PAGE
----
August, 10, 2016
Intel Security, in partnership with the Center for Strategic and International Studies (CSIS), has just released Hacking the Skills Shortage, a global report outlining the talent shortage crisis impacting the cybersecurity industry across both companies and nations. A majority of respondents (82 percent) admit to a shortage of cybersecurity skills, with 71 percent of respondents citing this shortage as responsible for direct and measurable damage to organizations whose lack of talent makes them more desirable hacking targets.
“A shortage of people with cybersecurity skills results in direct damage to companies, including the loss of proprietary data and IP,” said James A Lewis, senior vice president and director of the Strategic Technologies Program at CSIS. “This is a global problem; a majority of respondents in all countries surveyed could link their workforce shortage to damage to their organization.”
In 2015, 209,000 cybersecurity jobs went unfilled1 in the United States alone. Despite 1 in 4 respondents confirming their organizations have lost proprietary data as a result of their cybersecurity skills gap, there are no signs of this workforce shortage abating in the near-term. Respondents surveyed estimate an average of 15 percent of cybersecurity positions in their company will go unfilled by 2020. With the increase in cloud, mobile computing and the Internet of Things, as well as advanced targeted cyber-attacks and cyber-terrorism across the globe, the need for a stronger cybersecurity workforce is critical.
“The security industry has talked at length about how to address the storm of hacks and breaches, but government and the private sector haven’t brought enough urgency to solving the cybersecurity talent shortage,” said Chris Young, senior vice president and general manager of Intel Security Group. “To address this workforce crisis, we need to foster new education models, accelerate the availability of training opportunities, and we need to deliver deeper automation so that talent is put to its best use on the front line. Finally, we absolutely must diversify our ranks.”
The demand for cybersecurity professionals is outpacing the supply of qualified workers, with highly technical skills the most in need across all countries surveyed. In fact, skills such as intrusion detection, secure software development and attack mitigation were found to be far more valued than softer skills including collaboration, leadership and effective communication.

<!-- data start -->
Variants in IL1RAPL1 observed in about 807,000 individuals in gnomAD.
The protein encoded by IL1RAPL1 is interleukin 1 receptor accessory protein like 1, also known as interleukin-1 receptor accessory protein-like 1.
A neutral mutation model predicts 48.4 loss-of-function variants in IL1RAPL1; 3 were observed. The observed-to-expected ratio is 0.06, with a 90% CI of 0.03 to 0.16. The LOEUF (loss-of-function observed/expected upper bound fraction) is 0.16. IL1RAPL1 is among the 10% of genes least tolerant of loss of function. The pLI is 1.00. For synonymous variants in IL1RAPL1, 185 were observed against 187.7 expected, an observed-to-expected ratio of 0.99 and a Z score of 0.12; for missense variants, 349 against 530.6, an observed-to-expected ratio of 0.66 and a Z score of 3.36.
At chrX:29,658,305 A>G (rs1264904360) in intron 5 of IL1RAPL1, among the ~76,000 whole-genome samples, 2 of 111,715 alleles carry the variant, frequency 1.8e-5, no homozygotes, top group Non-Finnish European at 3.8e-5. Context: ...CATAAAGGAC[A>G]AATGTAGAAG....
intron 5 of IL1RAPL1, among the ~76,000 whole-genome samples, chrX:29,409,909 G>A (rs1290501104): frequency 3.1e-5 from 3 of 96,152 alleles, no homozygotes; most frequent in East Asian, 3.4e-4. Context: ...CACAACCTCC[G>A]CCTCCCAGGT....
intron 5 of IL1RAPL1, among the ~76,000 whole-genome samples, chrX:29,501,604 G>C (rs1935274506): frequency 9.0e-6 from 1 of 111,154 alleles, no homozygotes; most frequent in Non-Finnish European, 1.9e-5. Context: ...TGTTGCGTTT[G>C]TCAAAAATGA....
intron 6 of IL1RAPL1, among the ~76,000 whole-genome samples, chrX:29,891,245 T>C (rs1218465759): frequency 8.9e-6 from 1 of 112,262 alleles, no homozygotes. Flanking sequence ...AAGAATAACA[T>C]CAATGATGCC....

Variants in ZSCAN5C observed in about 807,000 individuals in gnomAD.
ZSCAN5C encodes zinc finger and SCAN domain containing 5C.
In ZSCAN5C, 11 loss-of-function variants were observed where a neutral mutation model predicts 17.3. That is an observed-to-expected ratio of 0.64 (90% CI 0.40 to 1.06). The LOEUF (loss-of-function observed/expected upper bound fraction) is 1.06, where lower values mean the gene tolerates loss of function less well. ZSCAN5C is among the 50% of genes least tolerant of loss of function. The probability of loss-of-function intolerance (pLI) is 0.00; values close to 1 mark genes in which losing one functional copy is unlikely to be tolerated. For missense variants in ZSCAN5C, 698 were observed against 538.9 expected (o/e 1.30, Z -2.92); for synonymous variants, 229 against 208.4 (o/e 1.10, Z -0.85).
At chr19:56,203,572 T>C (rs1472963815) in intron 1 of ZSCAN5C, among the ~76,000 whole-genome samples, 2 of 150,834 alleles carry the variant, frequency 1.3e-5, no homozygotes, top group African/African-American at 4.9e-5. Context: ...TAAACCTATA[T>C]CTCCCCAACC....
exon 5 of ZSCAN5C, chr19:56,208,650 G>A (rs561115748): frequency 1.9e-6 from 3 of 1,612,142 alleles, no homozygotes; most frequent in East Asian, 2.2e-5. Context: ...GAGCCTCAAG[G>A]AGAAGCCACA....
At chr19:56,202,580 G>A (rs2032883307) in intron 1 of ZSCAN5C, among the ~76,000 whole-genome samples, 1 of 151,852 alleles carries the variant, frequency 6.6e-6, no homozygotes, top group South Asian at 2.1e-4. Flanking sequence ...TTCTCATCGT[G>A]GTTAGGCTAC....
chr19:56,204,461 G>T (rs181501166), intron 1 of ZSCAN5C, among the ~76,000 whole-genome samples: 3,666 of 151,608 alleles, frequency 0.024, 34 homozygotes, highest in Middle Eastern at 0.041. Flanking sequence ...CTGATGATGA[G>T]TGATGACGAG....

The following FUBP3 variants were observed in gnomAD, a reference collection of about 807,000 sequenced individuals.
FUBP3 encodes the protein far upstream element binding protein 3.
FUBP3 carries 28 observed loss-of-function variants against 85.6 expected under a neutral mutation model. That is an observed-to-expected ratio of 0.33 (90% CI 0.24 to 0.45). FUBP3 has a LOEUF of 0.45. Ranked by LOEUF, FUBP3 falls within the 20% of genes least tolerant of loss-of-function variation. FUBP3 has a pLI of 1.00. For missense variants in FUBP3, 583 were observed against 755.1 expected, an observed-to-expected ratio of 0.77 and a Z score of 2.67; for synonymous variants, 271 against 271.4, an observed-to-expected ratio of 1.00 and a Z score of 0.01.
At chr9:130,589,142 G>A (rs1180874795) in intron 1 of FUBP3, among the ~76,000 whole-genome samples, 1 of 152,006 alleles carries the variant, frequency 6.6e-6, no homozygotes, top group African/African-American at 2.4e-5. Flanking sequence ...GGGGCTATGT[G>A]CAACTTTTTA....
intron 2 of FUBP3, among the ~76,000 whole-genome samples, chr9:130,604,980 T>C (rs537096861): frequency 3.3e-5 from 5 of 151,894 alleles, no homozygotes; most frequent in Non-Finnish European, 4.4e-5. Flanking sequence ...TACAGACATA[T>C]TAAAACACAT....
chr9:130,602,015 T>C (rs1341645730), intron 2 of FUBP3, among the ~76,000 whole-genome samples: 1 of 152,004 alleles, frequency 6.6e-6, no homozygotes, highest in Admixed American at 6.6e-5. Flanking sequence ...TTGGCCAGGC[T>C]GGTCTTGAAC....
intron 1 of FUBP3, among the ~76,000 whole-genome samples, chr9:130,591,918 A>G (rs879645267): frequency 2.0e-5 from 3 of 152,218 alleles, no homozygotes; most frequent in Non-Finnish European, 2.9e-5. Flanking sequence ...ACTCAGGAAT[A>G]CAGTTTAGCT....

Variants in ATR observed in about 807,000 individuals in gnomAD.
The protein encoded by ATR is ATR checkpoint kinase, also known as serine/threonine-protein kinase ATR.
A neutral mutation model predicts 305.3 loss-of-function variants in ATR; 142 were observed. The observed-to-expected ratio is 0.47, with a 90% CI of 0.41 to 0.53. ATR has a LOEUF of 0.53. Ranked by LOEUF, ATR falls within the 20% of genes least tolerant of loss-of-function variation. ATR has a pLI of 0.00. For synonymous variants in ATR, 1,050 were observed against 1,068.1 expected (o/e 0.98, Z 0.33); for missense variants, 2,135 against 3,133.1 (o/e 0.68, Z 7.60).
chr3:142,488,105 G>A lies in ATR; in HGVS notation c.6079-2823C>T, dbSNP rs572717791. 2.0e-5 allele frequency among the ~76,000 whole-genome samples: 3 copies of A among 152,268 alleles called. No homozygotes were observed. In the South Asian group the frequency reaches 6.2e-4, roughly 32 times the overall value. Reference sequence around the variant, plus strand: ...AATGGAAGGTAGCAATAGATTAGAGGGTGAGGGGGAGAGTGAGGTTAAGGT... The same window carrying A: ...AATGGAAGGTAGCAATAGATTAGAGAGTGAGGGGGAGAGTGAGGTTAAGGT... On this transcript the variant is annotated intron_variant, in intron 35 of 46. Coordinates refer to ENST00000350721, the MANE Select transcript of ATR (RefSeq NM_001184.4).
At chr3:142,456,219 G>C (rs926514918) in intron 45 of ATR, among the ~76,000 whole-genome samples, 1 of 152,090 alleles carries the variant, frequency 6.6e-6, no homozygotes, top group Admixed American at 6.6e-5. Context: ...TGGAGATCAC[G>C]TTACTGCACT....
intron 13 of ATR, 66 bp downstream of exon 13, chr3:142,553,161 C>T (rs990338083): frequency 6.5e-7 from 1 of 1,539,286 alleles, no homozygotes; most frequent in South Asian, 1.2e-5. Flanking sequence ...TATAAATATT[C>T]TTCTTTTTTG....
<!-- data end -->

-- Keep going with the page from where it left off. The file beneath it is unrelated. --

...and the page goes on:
This report studies four dimensions that comprise the cybersecurity talent shortage, which include:
1. Cybersecurity Spending: The size and growth of cybersecurity budgets reveals how countries and companies prioritize cybersecurity. Unsurprisingly, countries and industry sectors that spend more on cybersecurity are better placed to deal with the workforce shortage, which according to 71 percent of respondents, has resulted in direct and measureable damage to their organization’s security networks.
2. Education and Training: Only 23 percent of respondents say education programs are preparing students to enter the industry. This report reveals non-traditional methods of practical learning, such as hands-on training, gaming and technology exercises and hackathons, may be a more effective way to acquire and grow cybersecurity skills. More than half of respondents believe that the cybersecurity skills shortage is worse than talent deficits in other IT professions, placing an emphasis on continuous education and training opportunities.
3. Employer Dynamics: While salary is unsurprisingly the top motivating factor in recruitment, other incentives are important in recruiting and retaining top talent, such as training, growth opportunities and reputation of the employer’s IT department. Almost half of respondents cite lack of training or qualification sponsorship as common reasons for talent departure.
4. Government Policies: More than three-quarters (76 percent) of respondents say their governments are not investing enough in building cybersecurity talent. This shortage has become a prominent political issue as heads of state in the U.S., U.K., Israel and Australia have called for increased support for the cybersecurity workforce in the last year.
Recommendations for Moving Forward:
• Redefine minimum credentials for entry-level cybersecurity jobs: accept non-traditional sources of education
• Diversify the cybersecurity field
• Provide more opportunities for external training
• Identify technology that can provide intelligent security automation
• Collect attack data and develop better metrics to quickly identify threats
For more information on these findings, along with Intel Security’s proposed recommendations, read the full report: Hacking the Skills Shortage: A study of the international shortage in cybersecurity skills.
Intel commissioned independent technology market research specialist Vanson Bourne to undertake the research upon which this report is based. IT decision-makers who are involved in cybersecurity within their organization were interviewed in May 2016 across the U.S. (200), U.K. (100), France (100), Germany (100), Australia (75), Japan (75), Mexico (75) and Israel (50). The respondents were from organizations with at least 500 employees, and came from within both public and private sectors. Interviews were conducted online using a rigorous multilevel screening process to ensure that only suitable candidates had the opportunity to participate.